Pronature Holistic Grain Free Dog Food receives the Advisor’s second-highest tier rating of 4.5 stars.
The Pronature Holistic Grain Free product line includes one dry recipe, claimed to meet AAFCO nutrient profiles for adult maintenance.
Pronature Duck a l'Orange Grain Free Adult
Dry Dog Food
Estimated Dry Matter Nutrient Content
Ingredients: Duck, chicken meal, dried potato products, chicken fat naturally preserved with mixed tocopherols, dried orange pulp, herring meal, peas, dried egg product, natural chicken flavor, lecithin, dried apple pomace, dried tomato pomace, whole flaxseed, choline chloride, potassium chloride, salt, yeast extract, ferrous sulfate, taurine, dried chicory root (a source of inulin), ascorbic acid (vitamin C), crab and shrimp meal, zinc oxide, alpha tocopherol acetate (a source of vitamin E), Yucca schidigera extract, organic dried blueberries, organic dried pineapple, sodium selenite, thiamine mononitrate, New Zealand green mussels, sea cucumber, organic quinoa, organic chamomile, organic anise seed, organic dried seaweed meal, organic dehydrated alfalfa meal, organic green tea extract, organic dried rosemary, organic dried parsley, organic dried spearmint, organic turmeric, al
Fiber (estimated dry matter content) = 4.4%
Red items when present indicate controversial ingredients
|Estimated Nutrient Content|
|Dry Matter Basis||33%||22%||37%|
|Calorie Weighted Basis||27%||44%||30%|
The first ingredient in this dog food is duck. Although it is a quality item, raw duck contains about 80% water. After cooking, most of that moisture is lost, reducing the meat content to just a fraction of its original weight.
After processing, this item would probably account for a smaller part of the total content of the finished product.
The second ingredient is chicken meal. Chicken meal is considered a meat concentrate and contains nearly 300% more protein than fresh chicken.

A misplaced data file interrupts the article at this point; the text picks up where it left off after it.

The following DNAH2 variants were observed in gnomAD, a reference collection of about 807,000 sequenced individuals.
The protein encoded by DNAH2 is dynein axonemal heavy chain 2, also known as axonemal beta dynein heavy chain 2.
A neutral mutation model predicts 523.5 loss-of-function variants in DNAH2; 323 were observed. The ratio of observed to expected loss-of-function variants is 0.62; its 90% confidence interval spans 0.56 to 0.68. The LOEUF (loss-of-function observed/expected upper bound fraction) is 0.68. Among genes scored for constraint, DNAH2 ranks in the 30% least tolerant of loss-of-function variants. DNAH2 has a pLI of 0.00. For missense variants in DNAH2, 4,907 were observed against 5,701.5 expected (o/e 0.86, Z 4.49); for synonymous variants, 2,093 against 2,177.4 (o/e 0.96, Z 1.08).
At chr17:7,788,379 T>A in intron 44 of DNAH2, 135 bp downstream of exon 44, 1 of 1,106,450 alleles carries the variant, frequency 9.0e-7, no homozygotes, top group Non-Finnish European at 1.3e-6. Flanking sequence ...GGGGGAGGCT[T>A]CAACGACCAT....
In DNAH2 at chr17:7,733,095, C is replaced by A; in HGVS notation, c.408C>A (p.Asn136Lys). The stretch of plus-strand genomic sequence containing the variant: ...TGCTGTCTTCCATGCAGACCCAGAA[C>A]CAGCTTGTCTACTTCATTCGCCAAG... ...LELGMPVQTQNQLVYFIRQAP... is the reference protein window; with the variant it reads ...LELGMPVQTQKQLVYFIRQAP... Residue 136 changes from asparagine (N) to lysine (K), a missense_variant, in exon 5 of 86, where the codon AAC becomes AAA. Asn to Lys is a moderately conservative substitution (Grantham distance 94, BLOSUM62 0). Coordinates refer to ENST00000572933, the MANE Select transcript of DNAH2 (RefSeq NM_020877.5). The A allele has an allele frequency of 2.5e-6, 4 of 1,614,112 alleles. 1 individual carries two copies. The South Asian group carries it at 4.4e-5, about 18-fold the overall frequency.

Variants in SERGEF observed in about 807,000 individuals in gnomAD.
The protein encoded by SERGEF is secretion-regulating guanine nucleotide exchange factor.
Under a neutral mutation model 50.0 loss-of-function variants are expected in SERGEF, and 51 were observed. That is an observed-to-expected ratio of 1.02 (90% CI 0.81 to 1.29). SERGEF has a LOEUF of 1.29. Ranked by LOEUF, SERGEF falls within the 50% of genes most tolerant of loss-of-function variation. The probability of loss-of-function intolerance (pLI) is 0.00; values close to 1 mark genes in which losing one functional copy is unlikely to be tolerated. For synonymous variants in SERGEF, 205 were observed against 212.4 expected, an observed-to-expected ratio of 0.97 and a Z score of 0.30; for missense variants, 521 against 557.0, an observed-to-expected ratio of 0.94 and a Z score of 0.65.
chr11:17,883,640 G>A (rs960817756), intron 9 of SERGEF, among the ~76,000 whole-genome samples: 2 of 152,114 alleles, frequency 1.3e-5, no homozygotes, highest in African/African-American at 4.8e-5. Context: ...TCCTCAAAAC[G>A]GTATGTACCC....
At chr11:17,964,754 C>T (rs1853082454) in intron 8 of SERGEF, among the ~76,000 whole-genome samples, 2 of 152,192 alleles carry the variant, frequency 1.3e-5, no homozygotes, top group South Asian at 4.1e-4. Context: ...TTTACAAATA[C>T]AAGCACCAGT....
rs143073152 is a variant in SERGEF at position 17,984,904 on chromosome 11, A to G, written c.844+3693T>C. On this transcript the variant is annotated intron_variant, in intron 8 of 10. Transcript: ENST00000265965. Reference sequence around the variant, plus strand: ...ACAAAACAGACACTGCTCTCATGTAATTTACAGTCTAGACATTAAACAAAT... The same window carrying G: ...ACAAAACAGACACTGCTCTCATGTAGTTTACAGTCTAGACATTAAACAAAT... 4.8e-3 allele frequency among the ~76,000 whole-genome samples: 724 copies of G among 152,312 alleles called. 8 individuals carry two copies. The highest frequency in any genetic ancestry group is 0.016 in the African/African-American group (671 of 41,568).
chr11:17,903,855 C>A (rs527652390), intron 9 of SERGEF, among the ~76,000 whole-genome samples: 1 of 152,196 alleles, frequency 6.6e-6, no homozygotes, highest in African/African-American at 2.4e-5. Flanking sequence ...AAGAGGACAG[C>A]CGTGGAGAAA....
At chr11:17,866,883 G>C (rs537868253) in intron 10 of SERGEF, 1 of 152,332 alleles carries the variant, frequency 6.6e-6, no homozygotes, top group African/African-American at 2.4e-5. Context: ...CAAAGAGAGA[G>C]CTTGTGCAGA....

The third ingredient is dried potato, a dehydrated item usually made from the by-products of potato processing. In most cases, dried potato can contain about 10% dry matter protein which can affect our estimate of the total meat content of this recipe.
The fourth ingredient is chicken fat. Chicken fat is obtained from rendering chicken, a process similar to making soup in which the fat itself is skimmed from the surface of the liquid.
Chicken fat is high in linoleic acid, an omega-6 fatty acid essential for life. Although it doesn’t sound very appetizing, chicken fat is actually a quality ingredient.
The fifth ingredient is dried orange pulp, a fiber-rich by-product of the juicing industry. Although orange pulp can be a source of dietary calcium, it’s far more commonly used to make cattle feed.
The sixth ingredient is herring meal, another protein-rich meat concentrate.
Fish meal is typically obtained from the “clean, dried, ground tissue of undecomposed whole fish and fish cuttings” of commercial fish operations.1
What’s more, the controversial chemical ethoxyquin is frequently used as a preservative in fish meals.
But because it’s usually added to the raw fish before processing, the chemical does not have to be reported to consumers.
We find no public assurances from the company this product is ethoxyquin-free.
Without knowing more, and based upon this fish meal’s location on the list of ingredients, we would expect to find at least a trace of ethoxyquin in this product.
The seventh ingredient is peas. Peas are a quality source of carbohydrates. Plus (like all legumes) they’re rich in natural fiber.
However, peas contain about 25% protein, a factor that must be considered when judging the actual meat content of this dog food.
The eighth ingredient is dried egg product, a dehydrated form of shell-free eggs. Quality can vary significantly. Lower grade egg product can even come from commercial hatcheries — from eggs that have failed to hatch.
In any case, eggs are easy to digest and have an exceptionally high biological value.
From here, the list goes on to include a number of other items.
But to be realistic, ingredients located this far down the list (other than nutritional supplements) are not likely to affect the overall rating of this product.
With five notable exceptions…